By the time his second term tenure expires in 2022, Amaju Melvin Pinnick would have made history as the first man since 1946 to get a two-term mandate to lead Nigeria football. It has not been easy to cross that bridge, given the intrigues and court cases. But with FIFA sending representatives to witness the election, all should be quiet at the home front. However, here are the FIVE things Pinnick should focus on, as his second term unfolds…
Restore the glory of our women football league. He owes it to the women, simple. Women football has more than stagnated in the last four years, it has regressed, and this is because the NFF doesn’t seem to care. The league has gone from one where walk-overs are rife, to one where matches are played under appalling conditions, as those elected/appointed to run the Women League, are running it without financial backing. The national teams convene only weeks to major events, while allowances are routinely missed. Pinnick is constantly talking about how much progress the board has made in terms of ‘attracting sponsorship’, the situation of the women league says otherwise.
Like the Women’s league, the NPFL also need an intervention. But the jury on that may be on hold until after the experiment being mooted for next season, following the chaos that ended the last one. He is head of the Football Association, not the Super Eagles; directly or indirectly, the NPFL falls under his purview. That league is degenerating, a lot can be done to make it better in four years, and the clock has started ticking.
Super Eagles must win the Nations Cup. Yep, that a no-brainer. And they must play the quarter finals of a World Cup too. Nigeria has missed two Cup of Nations, and played their worst World Cup since 2010 at Russia 2018. Given that Pinnick has been famously quoted as saying a Nigerian will never coach the team under his watch, while it is on record that it was a Nigerian at the helm the last time the Super Eagles were African Champions, and played in the second round at the World Cup; it will be a burden if the Eagles fail to win the Nations Cup, or progress beyond the second round at a FIFA World Cup under his watch.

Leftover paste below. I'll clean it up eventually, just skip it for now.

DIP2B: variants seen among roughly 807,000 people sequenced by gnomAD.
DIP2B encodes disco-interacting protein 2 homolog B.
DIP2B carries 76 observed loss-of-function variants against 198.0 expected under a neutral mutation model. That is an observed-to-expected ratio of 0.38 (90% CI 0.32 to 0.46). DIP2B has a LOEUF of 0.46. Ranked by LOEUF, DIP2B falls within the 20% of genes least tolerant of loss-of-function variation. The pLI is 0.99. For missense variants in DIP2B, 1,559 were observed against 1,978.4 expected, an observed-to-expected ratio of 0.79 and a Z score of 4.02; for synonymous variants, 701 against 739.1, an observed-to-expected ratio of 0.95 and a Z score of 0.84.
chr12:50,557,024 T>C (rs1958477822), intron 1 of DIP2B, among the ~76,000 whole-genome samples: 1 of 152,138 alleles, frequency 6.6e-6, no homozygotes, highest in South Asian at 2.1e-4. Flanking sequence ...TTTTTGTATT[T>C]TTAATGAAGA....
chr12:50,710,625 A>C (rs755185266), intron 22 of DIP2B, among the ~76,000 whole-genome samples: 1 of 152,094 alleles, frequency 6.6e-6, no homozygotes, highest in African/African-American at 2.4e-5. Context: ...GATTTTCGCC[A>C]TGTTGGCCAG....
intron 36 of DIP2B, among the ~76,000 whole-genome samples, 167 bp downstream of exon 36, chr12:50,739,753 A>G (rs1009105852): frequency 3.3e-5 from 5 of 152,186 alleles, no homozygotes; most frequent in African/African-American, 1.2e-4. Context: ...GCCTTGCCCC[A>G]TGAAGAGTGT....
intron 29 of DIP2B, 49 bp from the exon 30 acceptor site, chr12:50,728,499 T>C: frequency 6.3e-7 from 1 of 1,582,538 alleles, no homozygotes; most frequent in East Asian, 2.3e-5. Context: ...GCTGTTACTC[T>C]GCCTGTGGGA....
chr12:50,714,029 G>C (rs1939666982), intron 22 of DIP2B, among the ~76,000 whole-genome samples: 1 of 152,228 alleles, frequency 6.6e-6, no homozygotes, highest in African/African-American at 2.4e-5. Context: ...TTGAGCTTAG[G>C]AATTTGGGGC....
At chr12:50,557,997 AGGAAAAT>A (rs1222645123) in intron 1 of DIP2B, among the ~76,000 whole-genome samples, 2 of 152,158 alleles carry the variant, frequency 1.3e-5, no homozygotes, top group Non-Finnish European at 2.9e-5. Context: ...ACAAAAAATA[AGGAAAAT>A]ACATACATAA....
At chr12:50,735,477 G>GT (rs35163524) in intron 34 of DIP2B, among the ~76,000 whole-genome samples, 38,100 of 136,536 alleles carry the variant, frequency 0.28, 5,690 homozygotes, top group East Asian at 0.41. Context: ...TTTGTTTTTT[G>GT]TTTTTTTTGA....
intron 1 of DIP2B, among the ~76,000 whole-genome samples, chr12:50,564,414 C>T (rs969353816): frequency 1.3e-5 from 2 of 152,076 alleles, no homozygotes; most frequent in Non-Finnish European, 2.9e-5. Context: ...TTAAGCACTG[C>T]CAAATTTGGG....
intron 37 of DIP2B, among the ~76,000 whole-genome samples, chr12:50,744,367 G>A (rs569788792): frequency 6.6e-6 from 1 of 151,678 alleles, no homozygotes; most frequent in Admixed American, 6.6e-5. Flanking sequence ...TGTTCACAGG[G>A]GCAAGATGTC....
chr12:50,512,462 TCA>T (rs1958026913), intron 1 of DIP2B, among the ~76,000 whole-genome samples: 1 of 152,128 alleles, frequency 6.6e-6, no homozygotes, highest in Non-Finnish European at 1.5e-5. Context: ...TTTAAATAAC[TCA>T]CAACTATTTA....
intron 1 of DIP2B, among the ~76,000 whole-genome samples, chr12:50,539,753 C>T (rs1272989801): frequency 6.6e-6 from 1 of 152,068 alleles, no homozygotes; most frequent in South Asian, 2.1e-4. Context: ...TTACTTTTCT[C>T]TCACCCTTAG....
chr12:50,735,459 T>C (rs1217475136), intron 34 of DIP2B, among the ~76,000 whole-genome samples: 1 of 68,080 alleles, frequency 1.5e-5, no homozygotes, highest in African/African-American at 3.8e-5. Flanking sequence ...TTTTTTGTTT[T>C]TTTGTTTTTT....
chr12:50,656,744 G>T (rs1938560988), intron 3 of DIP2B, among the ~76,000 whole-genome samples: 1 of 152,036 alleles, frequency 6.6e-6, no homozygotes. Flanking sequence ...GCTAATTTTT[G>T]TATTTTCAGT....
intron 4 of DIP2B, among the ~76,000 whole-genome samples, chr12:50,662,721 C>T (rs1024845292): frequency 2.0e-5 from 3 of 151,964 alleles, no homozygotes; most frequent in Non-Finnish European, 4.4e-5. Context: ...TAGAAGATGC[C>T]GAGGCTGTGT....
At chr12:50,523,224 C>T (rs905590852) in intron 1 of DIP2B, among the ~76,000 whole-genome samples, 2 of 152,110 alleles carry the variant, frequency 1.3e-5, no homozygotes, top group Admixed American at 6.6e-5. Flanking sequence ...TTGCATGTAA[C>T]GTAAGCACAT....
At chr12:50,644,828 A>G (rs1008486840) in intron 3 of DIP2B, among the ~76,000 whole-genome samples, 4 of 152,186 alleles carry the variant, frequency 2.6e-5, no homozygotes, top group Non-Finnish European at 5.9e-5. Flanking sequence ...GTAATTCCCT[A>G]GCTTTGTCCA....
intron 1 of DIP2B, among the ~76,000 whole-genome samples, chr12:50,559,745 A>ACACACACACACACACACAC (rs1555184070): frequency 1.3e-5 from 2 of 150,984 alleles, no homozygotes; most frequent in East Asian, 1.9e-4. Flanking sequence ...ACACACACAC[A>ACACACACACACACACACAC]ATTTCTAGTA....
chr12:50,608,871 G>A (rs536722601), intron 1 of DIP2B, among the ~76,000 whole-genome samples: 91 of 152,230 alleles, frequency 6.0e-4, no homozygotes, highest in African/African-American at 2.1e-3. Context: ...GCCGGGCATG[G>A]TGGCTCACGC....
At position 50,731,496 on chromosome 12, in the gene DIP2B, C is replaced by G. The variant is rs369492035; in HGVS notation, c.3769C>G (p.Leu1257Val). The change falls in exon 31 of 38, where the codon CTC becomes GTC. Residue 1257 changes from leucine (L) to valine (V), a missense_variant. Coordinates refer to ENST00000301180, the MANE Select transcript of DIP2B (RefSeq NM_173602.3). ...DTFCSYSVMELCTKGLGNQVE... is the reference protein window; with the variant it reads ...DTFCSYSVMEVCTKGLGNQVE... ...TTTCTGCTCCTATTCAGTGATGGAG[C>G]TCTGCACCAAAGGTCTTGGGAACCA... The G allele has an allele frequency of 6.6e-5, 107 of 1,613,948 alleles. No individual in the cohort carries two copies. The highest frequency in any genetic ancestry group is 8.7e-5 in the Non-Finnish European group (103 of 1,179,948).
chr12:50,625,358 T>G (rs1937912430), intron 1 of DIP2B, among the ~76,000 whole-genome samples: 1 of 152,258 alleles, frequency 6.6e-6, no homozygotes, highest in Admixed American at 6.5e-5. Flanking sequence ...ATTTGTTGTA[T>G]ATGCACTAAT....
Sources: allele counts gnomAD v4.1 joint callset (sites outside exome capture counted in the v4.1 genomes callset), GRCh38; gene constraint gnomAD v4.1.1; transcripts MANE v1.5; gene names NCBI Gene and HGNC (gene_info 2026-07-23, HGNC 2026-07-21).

It is time sponsors get good ROI on the deals they signed with the association and the Super Eagles. The huge goodwill the body enjoyed during the World Cup qualifiers will be severely tested if a disastrous Nations Cup qualifier or campaign happens. The World Cup attracts huge money, and maybe that is why so much energy was expended on the Super Eagles to the detriment of the other teams. The hard work starts now. The terrible reviews following the organization of the (heavily sponsored) FA Cup is a good example of how not to give mileage to sponsors.
And finally, he must find a way to bring about peace, and end the ceaseless bickering that has engulfed Nigeria football over the years. He has the backing of FIFA, and is assured that this government will not allow interference in any way, in the affairs of the association. That should give him the impetus to make the necessary moves, or engineer a ruthless put-down of rebellion. Nigeria football needs the peace.
No other NFA or NFF President got the chance to make amends, or continue with whatever they started during their first term. Amaju Pinnick is standing in a unique place, and he has a chance to make leave a lasting legacy.